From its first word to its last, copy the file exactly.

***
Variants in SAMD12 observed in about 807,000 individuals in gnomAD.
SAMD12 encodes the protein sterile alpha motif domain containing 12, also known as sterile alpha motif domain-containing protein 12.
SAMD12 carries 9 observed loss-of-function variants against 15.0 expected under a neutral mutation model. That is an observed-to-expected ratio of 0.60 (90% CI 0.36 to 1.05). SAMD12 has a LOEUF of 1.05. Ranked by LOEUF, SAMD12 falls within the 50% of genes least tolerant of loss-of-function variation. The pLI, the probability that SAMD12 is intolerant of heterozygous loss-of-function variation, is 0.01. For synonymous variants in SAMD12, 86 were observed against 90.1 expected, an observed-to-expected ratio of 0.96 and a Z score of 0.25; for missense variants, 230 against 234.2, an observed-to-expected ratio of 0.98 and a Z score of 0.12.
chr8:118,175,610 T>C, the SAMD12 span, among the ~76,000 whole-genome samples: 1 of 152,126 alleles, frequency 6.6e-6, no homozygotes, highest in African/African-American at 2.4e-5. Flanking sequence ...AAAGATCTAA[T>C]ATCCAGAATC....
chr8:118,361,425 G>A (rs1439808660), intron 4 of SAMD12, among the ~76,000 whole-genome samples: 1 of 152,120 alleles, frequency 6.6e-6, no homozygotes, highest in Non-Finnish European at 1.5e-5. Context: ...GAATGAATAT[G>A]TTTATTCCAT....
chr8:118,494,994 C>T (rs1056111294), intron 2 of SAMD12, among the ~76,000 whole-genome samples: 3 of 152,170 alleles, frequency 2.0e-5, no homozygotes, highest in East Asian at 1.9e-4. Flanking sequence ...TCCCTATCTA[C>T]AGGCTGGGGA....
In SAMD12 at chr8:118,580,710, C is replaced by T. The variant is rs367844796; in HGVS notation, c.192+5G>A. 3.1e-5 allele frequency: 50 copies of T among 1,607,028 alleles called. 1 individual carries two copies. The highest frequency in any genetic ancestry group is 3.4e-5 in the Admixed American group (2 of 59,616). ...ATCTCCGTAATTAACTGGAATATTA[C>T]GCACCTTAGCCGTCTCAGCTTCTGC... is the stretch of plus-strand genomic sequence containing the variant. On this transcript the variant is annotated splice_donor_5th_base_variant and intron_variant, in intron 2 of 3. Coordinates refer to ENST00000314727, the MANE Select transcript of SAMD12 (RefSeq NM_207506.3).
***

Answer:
Variants in SAMD12 observed in about 807,000 individuals in gnomAD.
SAMD12 encodes the protein sterile alpha motif domain containing 12, also known as sterile alpha motif domain-containing protein 12.
SAMD12 carries 9 observed loss-of-function variants against 15.0 expected under a neutral mutation model. That is an observed-to-expected ratio of 0.60 (90% CI 0.36 to 1.05). SAMD12 has a LOEUF of 1.05. Ranked by LOEUF, SAMD12 falls within the 50% of genes least tolerant of loss-of-function variation. The pLI, the probability that SAMD12 is intolerant of heterozygous loss-of-function variation, is 0.01. For synonymous variants in SAMD12, 86 were observed against 90.1 expected, an observed-to-expected ratio of 0.96 and a Z score of 0.25; for missense variants, 230 against 234.2, an observed-to-expected ratio of 0.98 and a Z score of 0.12.
chr8:118,175,610 T>C, the SAMD12 span, among the ~76,000 whole-genome samples: 1 of 152,126 alleles, frequency 6.6e-6, no homozygotes, highest in African/African-American at 2.4e-5. Flanking sequence ...AAAGATCTAA[T>C]ATCCAGAATC....
chr8:118,361,425 G>A (rs1439808660), intron 4 of SAMD12, among the ~76,000 whole-genome samples: 1 of 152,120 alleles, frequency 6.6e-6, no homozygotes, highest in Non-Finnish European at 1.5e-5. Context: ...GAATGAATAT[G>A]TTTATTCCAT....
chr8:118,494,994 C>T (rs1056111294), intron 2 of SAMD12, among the ~76,000 whole-genome samples: 3 of 152,170 alleles, frequency 2.0e-5, no homozygotes, highest in East Asian at 1.9e-4. Flanking sequence ...TCCCTATCTA[C>T]AGGCTGGGGA....
In SAMD12 at chr8:118,580,710, C is replaced by T. The variant is rs367844796; in HGVS notation, c.192+5G>A. 3.1e-5 allele frequency: 50 copies of T among 1,607,028 alleles called. 1 individual carries two copies. The highest frequency in any genetic ancestry group is 3.4e-5 in the Admixed American group (2 of 59,616). ...ATCTCCGTAATTAACTGGAATATTA[C>T]GCACCTTAGCCGTCTCAGCTTCTGC... is the stretch of plus-strand genomic sequence containing the variant. On this transcript the variant is annotated splice_donor_5th_base_variant and intron_variant, in intron 2 of 3. Coordinates refer to ENST00000314727, the MANE Select transcript of SAMD12 (RefSeq NM_207506.3).